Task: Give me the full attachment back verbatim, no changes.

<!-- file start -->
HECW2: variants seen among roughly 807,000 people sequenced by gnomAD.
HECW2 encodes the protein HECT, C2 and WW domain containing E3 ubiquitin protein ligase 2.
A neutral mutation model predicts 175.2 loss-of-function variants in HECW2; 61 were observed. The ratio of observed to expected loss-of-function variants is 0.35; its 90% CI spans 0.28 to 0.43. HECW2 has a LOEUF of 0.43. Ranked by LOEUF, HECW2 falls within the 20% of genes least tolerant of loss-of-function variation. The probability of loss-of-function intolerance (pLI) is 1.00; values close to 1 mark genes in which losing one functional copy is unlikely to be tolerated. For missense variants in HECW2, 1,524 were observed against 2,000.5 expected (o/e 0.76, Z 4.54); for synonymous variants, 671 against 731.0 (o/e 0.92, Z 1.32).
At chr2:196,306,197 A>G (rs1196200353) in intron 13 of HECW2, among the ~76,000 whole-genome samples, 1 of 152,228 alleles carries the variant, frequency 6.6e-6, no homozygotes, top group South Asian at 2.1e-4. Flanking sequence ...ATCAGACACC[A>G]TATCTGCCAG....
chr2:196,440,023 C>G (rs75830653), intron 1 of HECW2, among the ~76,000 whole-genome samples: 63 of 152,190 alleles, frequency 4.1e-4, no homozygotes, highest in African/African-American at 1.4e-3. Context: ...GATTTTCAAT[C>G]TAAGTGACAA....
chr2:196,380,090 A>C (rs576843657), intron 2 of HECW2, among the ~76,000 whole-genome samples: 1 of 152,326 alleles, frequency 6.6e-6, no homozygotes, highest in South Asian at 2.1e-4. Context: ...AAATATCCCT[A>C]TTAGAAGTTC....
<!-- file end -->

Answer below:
HECW2: variants seen among roughly 807,000 people sequenced by gnomAD.
HECW2 encodes the protein HECT, C2 and WW domain containing E3 ubiquitin protein ligase 2.
A neutral mutation model predicts 175.2 loss-of-function variants in HECW2; 61 were observed. The ratio of observed to expected loss-of-function variants is 0.35; its 90% CI spans 0.28 to 0.43. HECW2 has a LOEUF of 0.43. Ranked by LOEUF, HECW2 falls within the 20% of genes least tolerant of loss-of-function variation. The probability of loss-of-function intolerance (pLI) is 1.00; values close to 1 mark genes in which losing one functional copy is unlikely to be tolerated. For missense variants in HECW2, 1,524 were observed against 2,000.5 expected (o/e 0.76, Z 4.54); for synonymous variants, 671 against 731.0 (o/e 0.92, Z 1.32).
At chr2:196,306,197 A>G (rs1196200353) in intron 13 of HECW2, among the ~76,000 whole-genome samples, 1 of 152,228 alleles carries the variant, frequency 6.6e-6, no homozygotes, top group South Asian at 2.1e-4. Flanking sequence ...ATCAGACACC[A>G]TATCTGCCAG....
chr2:196,440,023 C>G (rs75830653), intron 1 of HECW2, among the ~76,000 whole-genome samples: 63 of 152,190 alleles, frequency 4.1e-4, no homozygotes, highest in African/African-American at 1.4e-3. Context: ...GATTTTCAAT[C>G]TAAGTGACAA....
chr2:196,380,090 A>C (rs576843657), intron 2 of HECW2, among the ~76,000 whole-genome samples: 1 of 152,326 alleles, frequency 6.6e-6, no homozygotes, highest in South Asian at 2.1e-4. Context: ...AAATATCCCT[A>C]TTAGAAGTTC....